News

07 Jul
2019

Sergejs Akuličs: Human rights, care, security and protection

Discrimination in Latvia is a word that is often heard in relation to any minority, but it is not just a word for the LGBTI community, but, unfortunately, everyday environment. In Latvia, LGBTI people are protected by law only from discrimination at work, but even prominent violate all ethical and moral principles and violate LGBTI human rights.

June is marked by a pride month in many countries of the world, since on 28 June 1969 the Stonewall riots launched a deliberate fight for equality of lesbian, gay, bisexual and transgender people. One year later, the first LGBT pride happened. Prides, as a form of protest, are held when the system and people suppress the rights of their fellow people, discriminate at work, stigmatize day by day, do not protect them from violence and discrimination. Biased groups of people have been opposed to the equality between LGBTI people – against the right to be protected from violence and discrimination, against the right to obtain similar protection for their families in front of the state.

From 4 June to 9 June 2019, the Baltic pride took place in Vilnius, Lithuania, starting with a conference on human rights, in which I participated as a member in the discussion “LGBTI rights in Times of Populism” addressing the sad situation of LGBTI human rights in Latvia. Discussion was organised by the European Liberal Forum member organisations – “Swedish International Liberal Centre” (SILC), “Projekt Polska” and Latvijas Nākotnes forums.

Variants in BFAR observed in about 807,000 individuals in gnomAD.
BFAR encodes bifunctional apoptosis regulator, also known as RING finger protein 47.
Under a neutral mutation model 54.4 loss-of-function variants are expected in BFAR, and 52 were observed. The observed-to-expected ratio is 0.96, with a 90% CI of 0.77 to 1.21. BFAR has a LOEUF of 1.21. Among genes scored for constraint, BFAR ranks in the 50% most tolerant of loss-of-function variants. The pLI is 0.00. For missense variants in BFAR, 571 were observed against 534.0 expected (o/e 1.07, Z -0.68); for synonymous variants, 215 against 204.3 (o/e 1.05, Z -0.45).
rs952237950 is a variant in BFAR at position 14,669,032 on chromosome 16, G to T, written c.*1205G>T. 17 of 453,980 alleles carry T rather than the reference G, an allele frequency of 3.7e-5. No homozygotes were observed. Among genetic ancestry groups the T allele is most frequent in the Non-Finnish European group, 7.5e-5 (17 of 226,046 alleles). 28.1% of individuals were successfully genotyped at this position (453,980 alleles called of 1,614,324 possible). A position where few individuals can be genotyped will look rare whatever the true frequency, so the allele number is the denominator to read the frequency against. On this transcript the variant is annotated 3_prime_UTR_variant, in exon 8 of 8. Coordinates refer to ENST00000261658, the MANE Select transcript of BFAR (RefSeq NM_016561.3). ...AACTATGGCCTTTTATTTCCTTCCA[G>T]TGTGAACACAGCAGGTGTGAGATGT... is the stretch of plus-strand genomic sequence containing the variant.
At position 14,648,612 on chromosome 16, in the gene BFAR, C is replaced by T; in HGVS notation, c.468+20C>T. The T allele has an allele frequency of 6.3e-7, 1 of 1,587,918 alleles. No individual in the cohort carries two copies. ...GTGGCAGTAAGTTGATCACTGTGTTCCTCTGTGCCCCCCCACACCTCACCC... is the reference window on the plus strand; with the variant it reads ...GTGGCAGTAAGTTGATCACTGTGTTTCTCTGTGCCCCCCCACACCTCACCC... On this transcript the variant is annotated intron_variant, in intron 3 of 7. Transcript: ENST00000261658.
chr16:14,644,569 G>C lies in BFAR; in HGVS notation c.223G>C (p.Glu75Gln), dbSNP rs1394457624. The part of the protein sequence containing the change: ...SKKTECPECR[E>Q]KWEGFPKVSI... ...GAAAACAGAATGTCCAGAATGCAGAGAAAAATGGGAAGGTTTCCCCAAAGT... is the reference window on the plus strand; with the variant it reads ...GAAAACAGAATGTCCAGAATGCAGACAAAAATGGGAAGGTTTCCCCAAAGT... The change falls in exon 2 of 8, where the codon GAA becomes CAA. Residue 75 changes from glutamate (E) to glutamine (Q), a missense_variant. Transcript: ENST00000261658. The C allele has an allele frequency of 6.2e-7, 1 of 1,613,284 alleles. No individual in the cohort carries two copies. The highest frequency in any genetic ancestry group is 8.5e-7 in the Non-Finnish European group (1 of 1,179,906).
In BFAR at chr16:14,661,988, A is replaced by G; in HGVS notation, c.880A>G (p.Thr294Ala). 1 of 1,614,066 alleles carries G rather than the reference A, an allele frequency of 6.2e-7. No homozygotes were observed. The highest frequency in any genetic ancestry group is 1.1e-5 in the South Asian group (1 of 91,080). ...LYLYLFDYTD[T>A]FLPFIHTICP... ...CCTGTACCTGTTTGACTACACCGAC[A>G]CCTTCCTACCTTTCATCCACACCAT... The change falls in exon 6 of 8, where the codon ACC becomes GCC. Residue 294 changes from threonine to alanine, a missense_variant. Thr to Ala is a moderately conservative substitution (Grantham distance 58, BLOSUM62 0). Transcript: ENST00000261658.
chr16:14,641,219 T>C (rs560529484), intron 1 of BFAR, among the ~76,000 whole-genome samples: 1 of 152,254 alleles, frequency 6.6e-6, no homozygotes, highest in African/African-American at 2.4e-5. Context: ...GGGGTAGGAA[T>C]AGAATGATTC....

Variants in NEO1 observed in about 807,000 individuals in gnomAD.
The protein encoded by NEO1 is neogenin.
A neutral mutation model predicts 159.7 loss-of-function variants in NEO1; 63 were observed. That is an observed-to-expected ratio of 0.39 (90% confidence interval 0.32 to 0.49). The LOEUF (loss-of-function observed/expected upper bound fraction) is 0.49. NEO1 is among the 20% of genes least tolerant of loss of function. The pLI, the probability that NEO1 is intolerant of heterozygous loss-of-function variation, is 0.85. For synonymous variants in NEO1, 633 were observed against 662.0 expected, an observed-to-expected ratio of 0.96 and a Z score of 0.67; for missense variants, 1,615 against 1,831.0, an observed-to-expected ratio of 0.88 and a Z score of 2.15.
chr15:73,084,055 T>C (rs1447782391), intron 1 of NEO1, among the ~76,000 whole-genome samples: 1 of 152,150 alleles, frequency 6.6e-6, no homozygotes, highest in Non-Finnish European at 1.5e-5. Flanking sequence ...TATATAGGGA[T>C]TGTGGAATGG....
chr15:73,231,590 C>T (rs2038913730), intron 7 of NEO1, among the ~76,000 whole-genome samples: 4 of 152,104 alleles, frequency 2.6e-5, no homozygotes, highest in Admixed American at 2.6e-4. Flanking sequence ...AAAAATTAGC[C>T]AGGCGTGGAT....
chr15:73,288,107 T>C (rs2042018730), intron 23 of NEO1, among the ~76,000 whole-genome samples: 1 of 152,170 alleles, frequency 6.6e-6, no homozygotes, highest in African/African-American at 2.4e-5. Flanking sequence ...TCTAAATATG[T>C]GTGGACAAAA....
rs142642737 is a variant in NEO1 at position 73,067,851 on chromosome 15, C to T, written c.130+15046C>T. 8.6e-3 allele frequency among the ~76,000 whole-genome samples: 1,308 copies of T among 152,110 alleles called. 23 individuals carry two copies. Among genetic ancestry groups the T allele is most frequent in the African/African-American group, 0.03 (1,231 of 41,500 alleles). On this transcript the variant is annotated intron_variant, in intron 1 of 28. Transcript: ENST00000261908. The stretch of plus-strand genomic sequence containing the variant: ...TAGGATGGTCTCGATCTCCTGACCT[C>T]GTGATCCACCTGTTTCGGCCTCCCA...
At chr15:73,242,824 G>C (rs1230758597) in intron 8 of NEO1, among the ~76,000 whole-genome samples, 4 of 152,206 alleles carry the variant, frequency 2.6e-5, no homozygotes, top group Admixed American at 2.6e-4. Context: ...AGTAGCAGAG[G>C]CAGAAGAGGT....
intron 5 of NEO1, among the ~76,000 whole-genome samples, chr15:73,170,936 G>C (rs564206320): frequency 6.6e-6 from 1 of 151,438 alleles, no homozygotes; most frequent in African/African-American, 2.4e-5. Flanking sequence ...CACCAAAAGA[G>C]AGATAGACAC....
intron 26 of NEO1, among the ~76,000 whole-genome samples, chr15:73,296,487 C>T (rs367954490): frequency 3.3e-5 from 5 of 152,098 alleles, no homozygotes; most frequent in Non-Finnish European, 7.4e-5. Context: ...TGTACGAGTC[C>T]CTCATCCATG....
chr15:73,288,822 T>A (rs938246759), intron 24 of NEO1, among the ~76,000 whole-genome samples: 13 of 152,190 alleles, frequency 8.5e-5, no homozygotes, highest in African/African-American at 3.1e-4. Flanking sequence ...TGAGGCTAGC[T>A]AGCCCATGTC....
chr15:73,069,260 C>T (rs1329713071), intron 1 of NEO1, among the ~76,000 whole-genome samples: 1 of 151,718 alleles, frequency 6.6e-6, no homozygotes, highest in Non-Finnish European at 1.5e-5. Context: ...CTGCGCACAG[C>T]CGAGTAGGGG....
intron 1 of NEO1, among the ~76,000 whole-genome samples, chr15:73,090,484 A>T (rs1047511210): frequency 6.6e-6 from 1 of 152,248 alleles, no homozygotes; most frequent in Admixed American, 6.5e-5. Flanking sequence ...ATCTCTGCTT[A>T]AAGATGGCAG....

After it in the discussion with representatives from Belarus, Ukraine, Georgia, Poland, Sweden, Germany, France and Italy, we have recognised that in all our countries conservative, religious and populist organisations are recruiting hate voices, deceiving people with historical prejudices against LGBTI human rights and intimidating myths. This was also confirmed by the recent vote of Saeima on the passage of the Law of Civil Partnership to commissions, against voted MPs which benefit for years from public hatred for the LBGTI community.

The Law of Civil Partnership – is a civil initiative intended to protect the family of two unmarried adults and is not exclusive to same-sex couples whose families do not currently have civil protection in Latvia. It is a matter of mutual care, security and protection, but some people are probably jealous that the country could finally protect the families of unmarried people in accordance with the requirements of the Satversme. So in the light of hatred, prejudice and self-pride, the majority voted against the law on spouses. It is pleasing that 23 Saeima members have already voted in favour of passing the Law of Civil Partnership to the Commissions.

The key message I included in my speech during the Baltic Broadcasts that we need to continue educating people about the fact that raising LGBTI human rights to the level of rights of heterosexual people does not threaten heterosexual people, but makes our common society safer and happier.